Al-Ayn is situated about 20 km to the east of Bat at the Wadi Al-Ayn. The group of tombs stands on the western side of the Wadi vis-à-vis the modern village of Al-Ayn at 630 m above sea level. The most striking landmark in the region is the 2000 m in height Jebel Mishd, which rises only 5 km to the north of Al-Ayn. De Cardi, Collier and Doe called attention to the site for the first time in the publication of their survey in the region of Amlah from the years 1974 and 1975. They describe 21 well preserved beehive tombs. From 2010 to 2014 archaeological investigations of the University of Tübingen under the direction of Conrad Schmidt were carried out. The main interest of this research project was to study the burial practices and architectural development of selected tombs in the necropolis of Al-Ayn. The Hafit period (3100–2700 BC) necropolis of Al-Ayn is mainly characterized by a row of 19 mostly well preserved tombs on a mountain ridge high above the wadi. Besides this main group of tombs a further 12 more have been found, some of them in the direct vicinity, others further to the west on the slope. Most of them are in worse condition. Hafit tombs are above ground tombs built of stone with a beehive or truncated cone shape. They have only a single burial chamber.
Elevation model from Al-Ayn with the 19 tombs in the main group in the centre.
The necropolis of Al-Ayn with the investigated Tombs 6 and 7 marked.
Tomb 6 was archaeologically investigated in 2010. It is a typical beehive shaped tomb of the Hafit period (3100–2700 BC) with an external diameter of 5.75 m. The tomb was built in several steps directly on the bedrock. It is made of two ring walls directly touching each other. The wall protrudes to the interior so that the beginning of a false vault is created, which originally covered the tomb. The tomb is accessible via a small, triangular entrance. The burial chamber of Tomb 6, which has a diameter of 2.20 m, was filled with 40 cm of accumulation at the beginning of the excavations. The only find from the burial chamber is an 8.6 cm long copper needle with rectangular shaft that was found lying directly on the bedrock. During the excavations of the cone of debris outside the tomb, a Jemdet Nasr pottery sherd was found close to the entrance. Jemdet Nasr pottery was imported during the homonymous time period from southern Mesopotamia to Eastern Arabia and has repeatedly been found in Hafit tomb.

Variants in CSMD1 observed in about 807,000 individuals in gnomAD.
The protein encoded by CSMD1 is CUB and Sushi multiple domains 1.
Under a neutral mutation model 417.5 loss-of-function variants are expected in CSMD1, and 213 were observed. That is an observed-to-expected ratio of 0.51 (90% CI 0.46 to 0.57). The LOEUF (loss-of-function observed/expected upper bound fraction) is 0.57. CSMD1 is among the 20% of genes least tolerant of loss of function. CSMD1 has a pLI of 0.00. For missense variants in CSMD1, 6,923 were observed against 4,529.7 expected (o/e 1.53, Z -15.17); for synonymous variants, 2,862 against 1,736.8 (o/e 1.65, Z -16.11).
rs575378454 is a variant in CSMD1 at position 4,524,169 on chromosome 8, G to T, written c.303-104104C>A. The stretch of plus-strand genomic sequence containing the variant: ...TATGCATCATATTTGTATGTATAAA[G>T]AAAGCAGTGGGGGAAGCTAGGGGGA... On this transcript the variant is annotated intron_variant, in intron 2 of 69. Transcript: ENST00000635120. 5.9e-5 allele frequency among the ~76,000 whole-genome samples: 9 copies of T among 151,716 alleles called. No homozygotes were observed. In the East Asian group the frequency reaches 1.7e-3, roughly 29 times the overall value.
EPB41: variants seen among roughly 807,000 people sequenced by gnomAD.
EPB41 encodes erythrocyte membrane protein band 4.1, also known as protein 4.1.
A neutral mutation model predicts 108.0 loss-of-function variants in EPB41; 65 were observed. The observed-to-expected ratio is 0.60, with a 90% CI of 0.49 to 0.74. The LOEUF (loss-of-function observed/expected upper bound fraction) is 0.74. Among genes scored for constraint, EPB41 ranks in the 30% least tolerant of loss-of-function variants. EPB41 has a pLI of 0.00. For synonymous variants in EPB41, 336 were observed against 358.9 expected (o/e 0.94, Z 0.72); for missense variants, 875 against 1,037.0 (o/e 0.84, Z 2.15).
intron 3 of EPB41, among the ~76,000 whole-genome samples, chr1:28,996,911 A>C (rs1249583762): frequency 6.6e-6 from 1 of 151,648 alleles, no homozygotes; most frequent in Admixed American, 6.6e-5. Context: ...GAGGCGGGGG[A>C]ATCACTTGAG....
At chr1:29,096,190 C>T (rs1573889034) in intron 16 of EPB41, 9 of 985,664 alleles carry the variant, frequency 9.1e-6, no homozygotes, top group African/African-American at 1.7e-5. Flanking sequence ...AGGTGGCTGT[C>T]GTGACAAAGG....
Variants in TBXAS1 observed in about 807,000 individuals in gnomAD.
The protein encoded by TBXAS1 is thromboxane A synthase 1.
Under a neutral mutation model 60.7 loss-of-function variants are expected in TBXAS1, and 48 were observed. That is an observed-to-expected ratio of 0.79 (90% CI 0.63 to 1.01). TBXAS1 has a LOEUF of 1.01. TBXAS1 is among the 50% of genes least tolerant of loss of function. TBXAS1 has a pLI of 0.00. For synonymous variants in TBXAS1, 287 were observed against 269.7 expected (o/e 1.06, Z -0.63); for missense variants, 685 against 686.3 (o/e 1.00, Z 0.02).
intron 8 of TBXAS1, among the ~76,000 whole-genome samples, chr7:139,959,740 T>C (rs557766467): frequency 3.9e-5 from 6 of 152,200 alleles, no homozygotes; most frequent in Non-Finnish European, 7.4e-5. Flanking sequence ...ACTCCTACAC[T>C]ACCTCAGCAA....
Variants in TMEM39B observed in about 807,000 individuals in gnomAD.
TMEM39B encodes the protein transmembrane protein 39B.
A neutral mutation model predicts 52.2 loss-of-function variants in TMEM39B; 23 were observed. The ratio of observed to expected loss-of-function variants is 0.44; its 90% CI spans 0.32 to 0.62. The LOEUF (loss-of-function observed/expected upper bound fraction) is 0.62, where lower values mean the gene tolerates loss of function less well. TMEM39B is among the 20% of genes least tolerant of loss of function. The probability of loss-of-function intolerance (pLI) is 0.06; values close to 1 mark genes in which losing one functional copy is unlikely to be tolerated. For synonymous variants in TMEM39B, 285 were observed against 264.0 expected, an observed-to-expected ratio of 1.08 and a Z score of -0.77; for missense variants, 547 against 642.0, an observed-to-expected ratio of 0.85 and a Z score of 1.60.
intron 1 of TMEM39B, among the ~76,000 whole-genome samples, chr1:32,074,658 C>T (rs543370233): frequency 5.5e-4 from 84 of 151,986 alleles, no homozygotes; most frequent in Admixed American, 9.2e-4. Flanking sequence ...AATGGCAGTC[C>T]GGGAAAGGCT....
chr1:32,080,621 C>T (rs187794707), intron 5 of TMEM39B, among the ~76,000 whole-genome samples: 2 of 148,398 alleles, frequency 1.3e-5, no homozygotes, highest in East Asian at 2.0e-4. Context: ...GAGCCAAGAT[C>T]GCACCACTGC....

Tomb 6 before the excavations (left) and the so-called Jemdet Nasr pottery from the entrance (right).
Tomb 7 was archaeologically investigated in 2011, and is located to the northwest of Tomb 6. In contrast to Tomb 6, the well-preserved Tomb 7 only features one wall. It has a diameter of 3.90 m and is preserved to a maximum height of 2.77 m. The triangular shaped entrance of the tomb is orientated to the south. Within the entrance part of the original blocking material made of large, carefully laid stones was preserved. At the north-eastern part of the external wall there is a spot where the stones are out of order, probably the results of a robbers’ pit or a later entrance to the tomb. The fill of the burial chamber of Tomb 7 reached 50 cm at the beginning of the excavations. The pottery found within dates to the Iron Age in the 1st millennium BC. In addition, a sea shell, an open ring made of copper sheet with two rounded ends, a fragment of an undecorated copper sheet and stone beads of different shapes were recovered. The finds clearly indicate that the tomb was reused for burials several thousand years after its initial construction.
Tomb 7 after the excavations.